What is Positive Discipline
Positive Discipline is a program designed to teach young people to become responsible, respectful and resourceful members of their communities. It teaches important social and life skills in a manner that is deeply respectful and encouraging for both children and adults (including parents, teachers, childcare providers, youth workers, and others).
Recent research tells us that children are “hardwired” from birth to connect with others, and that children who feel a sense of connection to their community, family, and school are less likely to misbehave. To be successful, contributing members of their community, children must learn necessary social and life skills. Positive Discipline is based on the understanding that discipline must be taught and that discipline teaches. Jane Nelsen gives the following criteria for “effective discipline that teaches”:
Five Criteria for Effective Discipline
1) Helps children feel a sense of connection (Belonging and significance)
2) Is mutually respectful and encouraging (Kind and firm at the same time.)
3) Is effective long - term (Considers what the child is thinking, feeling, learning, and deciding about himself and his world – and what to do in the future to survive or to thrive.)
4) Teaches important social and life skills (Respect, concern for others, problem solving, and cooperation as well as the skills to contribute to the home, school or larger community.)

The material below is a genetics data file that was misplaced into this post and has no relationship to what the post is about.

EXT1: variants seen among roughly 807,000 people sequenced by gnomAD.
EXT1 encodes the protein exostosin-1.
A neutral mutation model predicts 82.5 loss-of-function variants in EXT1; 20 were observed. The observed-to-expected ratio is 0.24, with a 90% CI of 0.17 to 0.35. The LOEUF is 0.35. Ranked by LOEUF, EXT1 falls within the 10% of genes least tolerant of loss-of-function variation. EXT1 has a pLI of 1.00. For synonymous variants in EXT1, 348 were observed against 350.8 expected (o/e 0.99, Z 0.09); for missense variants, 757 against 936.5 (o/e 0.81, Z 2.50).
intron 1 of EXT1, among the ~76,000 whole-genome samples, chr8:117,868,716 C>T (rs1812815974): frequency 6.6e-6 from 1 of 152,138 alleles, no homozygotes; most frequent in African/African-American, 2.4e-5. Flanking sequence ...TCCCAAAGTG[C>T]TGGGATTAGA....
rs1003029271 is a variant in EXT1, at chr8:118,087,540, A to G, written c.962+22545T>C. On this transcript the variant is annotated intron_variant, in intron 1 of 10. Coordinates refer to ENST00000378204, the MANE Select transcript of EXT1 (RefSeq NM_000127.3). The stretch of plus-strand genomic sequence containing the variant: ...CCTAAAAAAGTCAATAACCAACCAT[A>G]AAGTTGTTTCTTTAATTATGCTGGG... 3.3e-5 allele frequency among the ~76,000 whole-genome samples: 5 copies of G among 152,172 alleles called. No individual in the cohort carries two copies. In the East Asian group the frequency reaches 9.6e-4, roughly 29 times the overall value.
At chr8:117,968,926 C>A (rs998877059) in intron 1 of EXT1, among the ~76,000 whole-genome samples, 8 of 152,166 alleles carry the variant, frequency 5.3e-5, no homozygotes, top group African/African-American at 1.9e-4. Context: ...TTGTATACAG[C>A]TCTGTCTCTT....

5) Invites children to discover how capable they are (Encourages the constructive use of personal power and autonomy.)
The Positive Discipline Parenting and Classroom Management models are aimed at developing mutually respectful relationships. Positive Discipline teaches adults to employ kindness and firmness at the same time, and is neither punitive nor permissive.
The tools and concepts of Positive Discipline include:
• Mutual respect. Adults model firmness by respecting themselves and the needs of the situation, and kindness by respecting the needs of the child.
• Identifying the belief behind the behavior. Effective discipline recognizes the reasons kids do what they do and works to change those beliefs, rather than merely attempting to change behavior.
• Effective communication and problem solving skills.
• Discipline that teaches (and is neither permissive nor punitive).
• Focusing on solutions instead of punishment.
• Encouragement (instead of praise). Encouragement notices effort and improvement, not just success, and builds long-term self-esteem and empowerment.
Unique characteristics of the Positive Discipline Model also include:
• Teaching adults and students through experiential activities. Creating opportunity to practice new skills and to have fun learning by doing.
• Classroom discipline programs and parent education programs that are consistent. Parents, teachers, and childcare providers can work together to provide a secure, consistent environment for children.
• Inexpensive training and ongoing support so members of communities can teach each other Positive Discipline skills.
• Certified trainers across the country who can work with schools and communities.